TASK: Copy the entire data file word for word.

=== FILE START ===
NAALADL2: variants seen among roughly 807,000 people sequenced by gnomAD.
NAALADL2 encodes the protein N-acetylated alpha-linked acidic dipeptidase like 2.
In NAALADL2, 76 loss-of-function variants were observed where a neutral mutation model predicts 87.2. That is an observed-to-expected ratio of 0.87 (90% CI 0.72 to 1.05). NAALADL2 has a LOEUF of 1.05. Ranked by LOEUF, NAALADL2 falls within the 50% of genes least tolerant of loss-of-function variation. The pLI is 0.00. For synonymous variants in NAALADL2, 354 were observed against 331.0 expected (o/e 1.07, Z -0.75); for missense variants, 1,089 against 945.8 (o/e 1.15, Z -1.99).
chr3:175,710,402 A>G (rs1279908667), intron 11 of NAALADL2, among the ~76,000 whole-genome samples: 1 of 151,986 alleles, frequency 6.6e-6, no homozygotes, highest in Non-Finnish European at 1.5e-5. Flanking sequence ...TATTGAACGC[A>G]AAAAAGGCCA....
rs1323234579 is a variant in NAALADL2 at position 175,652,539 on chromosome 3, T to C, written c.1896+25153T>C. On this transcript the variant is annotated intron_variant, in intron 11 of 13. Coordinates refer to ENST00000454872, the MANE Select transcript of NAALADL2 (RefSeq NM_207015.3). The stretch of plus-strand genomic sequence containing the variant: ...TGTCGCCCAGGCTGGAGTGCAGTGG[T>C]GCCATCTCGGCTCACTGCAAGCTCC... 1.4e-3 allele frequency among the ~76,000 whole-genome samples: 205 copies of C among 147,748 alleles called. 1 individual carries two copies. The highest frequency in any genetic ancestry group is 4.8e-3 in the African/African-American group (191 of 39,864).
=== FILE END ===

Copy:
NAALADL2: variants seen among roughly 807,000 people sequenced by gnomAD.
NAALADL2 encodes the protein N-acetylated alpha-linked acidic dipeptidase like 2.
In NAALADL2, 76 loss-of-function variants were observed where a neutral mutation model predicts 87.2. That is an observed-to-expected ratio of 0.87 (90% CI 0.72 to 1.05). NAALADL2 has a LOEUF of 1.05. Ranked by LOEUF, NAALADL2 falls within the 50% of genes least tolerant of loss-of-function variation. The pLI is 0.00. For synonymous variants in NAALADL2, 354 were observed against 331.0 expected (o/e 1.07, Z -0.75); for missense variants, 1,089 against 945.8 (o/e 1.15, Z -1.99).
chr3:175,710,402 A>G (rs1279908667), intron 11 of NAALADL2, among the ~76,000 whole-genome samples: 1 of 151,986 alleles, frequency 6.6e-6, no homozygotes, highest in Non-Finnish European at 1.5e-5. Flanking sequence ...TATTGAACGC[A>G]AAAAAGGCCA....
rs1323234579 is a variant in NAALADL2 at position 175,652,539 on chromosome 3, T to C, written c.1896+25153T>C. On this transcript the variant is annotated intron_variant, in intron 11 of 13. Coordinates refer to ENST00000454872, the MANE Select transcript of NAALADL2 (RefSeq NM_207015.3). The stretch of plus-strand genomic sequence containing the variant: ...TGTCGCCCAGGCTGGAGTGCAGTGG[T>C]GCCATCTCGGCTCACTGCAAGCTCC... 1.4e-3 allele frequency among the ~76,000 whole-genome samples: 205 copies of C among 147,748 alleles called. 1 individual carries two copies. The highest frequency in any genetic ancestry group is 4.8e-3 in the African/African-American group (191 of 39,864).